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July 1996

Microsoft Systems Journal Homepage

C++ Q&A

Paul DiLascia is a freelance software consultant specializing in training and software development in C++ and Windows. He is the author of Windows++: Writing Reusable Code in C++ (Addison-Wesley, 1992).

QI am trying to fill a list box with filenames using the MFC function CWnd:: DlgDirList. I am using MFC 4.0 and Windows" 95. The list box fills fine, but instead of long filenames I get the short MS-DOS names. How can I get long filenames in my list box?

Charles Parker

ACWnd::DlgDirList is a wrapper for the Windows API DlgDirList. Under Microsoft" Windows 95, this function thunks down to the 16-bit version of DlgDirList in USER.EXE. In other words, DlgDirList is really a 16-bit function inherited from Windows 3.1. Because DlgDirList was never ported, it displays the old MS-DOS filenames. (The version of DlgDirList in Windows NT" works fine, as you would expect, since Windows NT has only long filenames.) PRB report Q131286 in the MSDN CD suggests converting your path spec to its short name by calling GetShortPathName before you pass the file spec to DlgDirList, but the PRB doesn't say how to make long names appear in your list box. In other words, the friendly Redmondtonians have cleverly spun the problem as not recognizing long filename specs rather than not displaying long filenames. They admit the flaw and then assert in their typically cryptic fashion, "this behavior is by design," without giving any reason. I suspect it has something to do with compatibility with old apps; maybe they were afraid some old programs that allocated thirteen bytes for 8.3 filenames (plus a zero at the end) would break when the list box got back too many characters under Windows 95. You'd think they'd at least give you a new flag or something to get the long filenames.

In any case, the question is what can you do about it? Frankly, not much. You have to forget about DlgDirList and generate the list yourself. Fortunately, it's pretty easy. Two API functions provide all the interface you need to navigate the files in a directory that match a file spec like *.* or *.txt: _findfirst and _findnext, both defined in <io.h>. (Yes, it still exists, even in the land of Windows.) These functions fill a C struct called _finddata_t.

 struct _finddata_t {
    unsigned    attrib;
    time_t    time_create; /*-1forFATfilesystems*/
    time_t    time_access; /*-1forFATfilesystems */
    time_t    time_write;
    _fsize_t  size;
    char    name[260];

The attrib member is a flag field that may contain any combination of the following flags:

 _A_NORMAL /* Normalfile-Noread/writerestrictions */
_A_RDONLY /* Read only file */
_A_HIDDEN /* Hidden file */
_A_SYSTEM /* System file */
_A_SUBDIR /* Subdirectory */
_A_ARCH   /* Archive file */

The various time_t members are what you'd expect; _fsize_t is the size of the file, and "name" is the filename relative to the current working directory. To use the findfile functions, you first call _findfirst with a file spec.

 _finddata_t fdata;
long ffhandle = _findfirst(*.txt, &fdata);

This fills fdata with information about the first file in the current directory that matches *.txt. If such a file exists, its information is stored in the _finddata_t struct and ffhandle gets a value other than -1. Usually, you'll examine the attribute bytes to skip over files such as directories or hidden/system files-unless that's what you're interested in-and then call _findnext repeatedly to get information about other files that match your file spec. When there are no more files, _findnext returns a nonzero value, which is your cue to call _findclose to release the ffhandle. _findfirst and company are old functions that you probably know and love from MS-DOS, but they're still important, at times even essential, in Windows.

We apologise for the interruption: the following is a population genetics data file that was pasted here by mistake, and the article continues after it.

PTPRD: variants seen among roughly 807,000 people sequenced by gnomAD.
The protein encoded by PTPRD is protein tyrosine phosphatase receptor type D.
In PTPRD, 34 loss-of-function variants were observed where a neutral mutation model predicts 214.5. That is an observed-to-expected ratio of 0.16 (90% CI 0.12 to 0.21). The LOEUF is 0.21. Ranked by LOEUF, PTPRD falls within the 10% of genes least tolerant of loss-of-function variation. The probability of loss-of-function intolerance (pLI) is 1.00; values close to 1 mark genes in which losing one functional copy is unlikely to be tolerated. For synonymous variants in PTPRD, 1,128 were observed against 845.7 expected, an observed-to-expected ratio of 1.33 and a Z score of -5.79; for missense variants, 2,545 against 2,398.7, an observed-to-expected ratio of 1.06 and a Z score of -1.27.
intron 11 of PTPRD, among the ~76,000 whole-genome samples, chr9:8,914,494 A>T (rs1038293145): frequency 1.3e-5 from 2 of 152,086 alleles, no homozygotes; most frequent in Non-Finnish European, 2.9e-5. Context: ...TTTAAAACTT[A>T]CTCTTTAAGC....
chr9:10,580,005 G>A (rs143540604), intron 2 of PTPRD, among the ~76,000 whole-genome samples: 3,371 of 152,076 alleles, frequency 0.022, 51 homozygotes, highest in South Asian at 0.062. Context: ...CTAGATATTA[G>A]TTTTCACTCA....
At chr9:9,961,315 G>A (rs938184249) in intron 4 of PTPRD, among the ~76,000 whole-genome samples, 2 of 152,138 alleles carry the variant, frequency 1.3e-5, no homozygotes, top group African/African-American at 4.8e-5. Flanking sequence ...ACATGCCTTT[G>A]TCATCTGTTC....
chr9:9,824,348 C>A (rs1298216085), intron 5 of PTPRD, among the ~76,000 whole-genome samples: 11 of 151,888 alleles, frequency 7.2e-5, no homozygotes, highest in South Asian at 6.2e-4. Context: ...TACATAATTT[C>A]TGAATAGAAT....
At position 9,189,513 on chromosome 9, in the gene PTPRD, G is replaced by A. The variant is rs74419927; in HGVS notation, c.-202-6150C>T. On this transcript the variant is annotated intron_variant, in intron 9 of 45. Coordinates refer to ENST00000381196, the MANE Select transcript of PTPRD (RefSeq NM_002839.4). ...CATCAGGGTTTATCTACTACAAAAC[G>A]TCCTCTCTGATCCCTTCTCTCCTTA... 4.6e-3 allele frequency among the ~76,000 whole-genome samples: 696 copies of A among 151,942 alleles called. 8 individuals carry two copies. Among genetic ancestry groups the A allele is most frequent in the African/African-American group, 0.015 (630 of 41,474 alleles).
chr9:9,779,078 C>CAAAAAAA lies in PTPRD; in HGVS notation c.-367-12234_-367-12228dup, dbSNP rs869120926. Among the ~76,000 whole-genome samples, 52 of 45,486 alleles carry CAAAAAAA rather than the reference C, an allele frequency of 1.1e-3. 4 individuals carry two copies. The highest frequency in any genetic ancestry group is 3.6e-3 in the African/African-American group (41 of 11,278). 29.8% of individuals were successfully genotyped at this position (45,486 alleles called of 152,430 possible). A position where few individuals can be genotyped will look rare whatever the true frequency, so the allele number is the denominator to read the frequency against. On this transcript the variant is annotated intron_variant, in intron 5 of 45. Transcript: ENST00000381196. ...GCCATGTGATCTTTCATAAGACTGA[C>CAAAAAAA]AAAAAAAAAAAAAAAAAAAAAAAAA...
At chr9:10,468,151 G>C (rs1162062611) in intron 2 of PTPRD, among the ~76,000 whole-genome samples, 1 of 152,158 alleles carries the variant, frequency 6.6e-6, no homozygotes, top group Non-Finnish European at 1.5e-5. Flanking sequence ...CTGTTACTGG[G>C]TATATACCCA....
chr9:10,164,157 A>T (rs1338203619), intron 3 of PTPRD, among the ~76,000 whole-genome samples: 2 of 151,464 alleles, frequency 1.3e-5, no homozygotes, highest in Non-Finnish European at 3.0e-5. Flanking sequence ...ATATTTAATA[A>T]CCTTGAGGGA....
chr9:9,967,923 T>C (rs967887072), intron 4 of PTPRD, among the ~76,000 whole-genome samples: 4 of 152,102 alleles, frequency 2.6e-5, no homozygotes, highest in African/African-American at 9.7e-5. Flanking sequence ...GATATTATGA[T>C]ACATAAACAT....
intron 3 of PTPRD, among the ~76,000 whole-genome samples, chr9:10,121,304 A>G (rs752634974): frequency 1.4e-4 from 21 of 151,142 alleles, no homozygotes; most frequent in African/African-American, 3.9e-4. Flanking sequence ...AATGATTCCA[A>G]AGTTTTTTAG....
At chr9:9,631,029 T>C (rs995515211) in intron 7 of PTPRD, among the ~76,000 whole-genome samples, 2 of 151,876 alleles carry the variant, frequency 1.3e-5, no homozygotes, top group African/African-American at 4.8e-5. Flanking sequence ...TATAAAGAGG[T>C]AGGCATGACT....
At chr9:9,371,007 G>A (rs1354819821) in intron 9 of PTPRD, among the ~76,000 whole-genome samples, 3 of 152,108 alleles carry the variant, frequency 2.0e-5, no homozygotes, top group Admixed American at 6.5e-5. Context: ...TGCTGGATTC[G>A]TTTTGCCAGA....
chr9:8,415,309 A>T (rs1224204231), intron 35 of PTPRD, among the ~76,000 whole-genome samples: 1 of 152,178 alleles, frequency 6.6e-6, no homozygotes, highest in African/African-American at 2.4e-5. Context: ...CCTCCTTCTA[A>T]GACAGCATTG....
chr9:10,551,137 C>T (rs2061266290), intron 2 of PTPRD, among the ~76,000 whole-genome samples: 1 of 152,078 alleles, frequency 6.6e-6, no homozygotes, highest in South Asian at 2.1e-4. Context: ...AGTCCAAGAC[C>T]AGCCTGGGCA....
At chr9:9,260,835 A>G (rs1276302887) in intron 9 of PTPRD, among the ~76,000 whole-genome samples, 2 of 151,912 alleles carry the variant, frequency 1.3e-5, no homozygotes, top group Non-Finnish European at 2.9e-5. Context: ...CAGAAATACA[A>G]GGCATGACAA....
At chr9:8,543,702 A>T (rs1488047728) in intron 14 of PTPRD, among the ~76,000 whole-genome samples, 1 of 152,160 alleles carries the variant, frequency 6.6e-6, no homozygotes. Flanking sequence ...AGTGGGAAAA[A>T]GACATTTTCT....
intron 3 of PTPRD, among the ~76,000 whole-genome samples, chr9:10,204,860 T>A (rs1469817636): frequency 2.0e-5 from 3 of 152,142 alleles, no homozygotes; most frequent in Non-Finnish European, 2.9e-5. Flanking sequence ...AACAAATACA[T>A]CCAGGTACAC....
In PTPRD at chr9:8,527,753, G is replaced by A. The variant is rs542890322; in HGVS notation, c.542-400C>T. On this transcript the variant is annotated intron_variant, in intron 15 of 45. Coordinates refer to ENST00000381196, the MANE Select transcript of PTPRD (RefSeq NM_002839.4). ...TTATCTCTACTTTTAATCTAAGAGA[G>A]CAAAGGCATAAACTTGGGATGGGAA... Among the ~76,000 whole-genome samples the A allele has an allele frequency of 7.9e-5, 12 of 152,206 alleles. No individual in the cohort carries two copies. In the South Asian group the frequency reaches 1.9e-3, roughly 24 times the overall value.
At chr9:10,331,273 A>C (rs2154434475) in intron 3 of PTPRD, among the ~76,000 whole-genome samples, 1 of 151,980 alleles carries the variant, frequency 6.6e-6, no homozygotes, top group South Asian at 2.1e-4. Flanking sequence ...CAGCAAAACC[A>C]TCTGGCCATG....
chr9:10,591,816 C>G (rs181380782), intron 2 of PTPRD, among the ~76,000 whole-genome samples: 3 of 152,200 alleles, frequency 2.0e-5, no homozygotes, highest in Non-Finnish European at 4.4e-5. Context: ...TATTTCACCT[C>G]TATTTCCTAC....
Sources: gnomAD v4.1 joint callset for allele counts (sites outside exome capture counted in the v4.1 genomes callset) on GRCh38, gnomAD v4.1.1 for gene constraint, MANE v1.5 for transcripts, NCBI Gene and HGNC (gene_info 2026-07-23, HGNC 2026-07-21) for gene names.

Since this is a C++ column, I wrote a C++ class, CFileSpec, that encapsulates the findfile API (see Figure 1). CFileSpec is entirely self contained; it has nothing to do with list boxes. I use CFileSpec all the time, usually in MS-DOS-shell utility programs that do things with files. For example, I wrote a Unix-like wc (word count) utility using CFileSpec that counts pages as well as lines, words, and characters.

CFileSpec is implemented entirely within a single header file, filespec.h, so all I have to do is #include it in any app that uses it. I don't have to worry about linking with an object file or library.

The implementation itself is mostly straightforward. There are only two tricks you may not notice right away. First, I derived CFileSpec from _finddata_t, which is why CFileSpec::First and Next pass the this pointer as the second argument to _findfirst and _findnext. I use this tactic only because it makes accessing the information in _finddata_t easier. For example, you can write filespec.attrib to get the attribute byte or to get the filename. This is marginally easier than writing something like, which is what it would be if I made _finddata_t a member instead of a base class.

The second trick is that there's no Close function to mirror _findclose. Instead, CFileSpec closes the handle in its destructor. Generally, I use CFileSpec to enumerate the files matching a single spec. However, just in case someone tries to call First with another file spec, CFileSpec::First also closes the findfile handle if it's already open.

To test CFileSpec, I wrote a program called DIRLIST that compares the filenames generated by ::DlgDirList and CFileSpec (see Figure 2). As you can see from Figure 3, DlgDirList produces the short MS-DOS names, whereas CFileSpec gives you the long filenames. The main action in DIRLIST occurs when the dialog is initialized. The dialog's OnInitDialog handler subclasses the list boxes and calls CListBox::DlgDirList (actually it's in CWnd) for one list box. It uses CFileSpec to fill the other: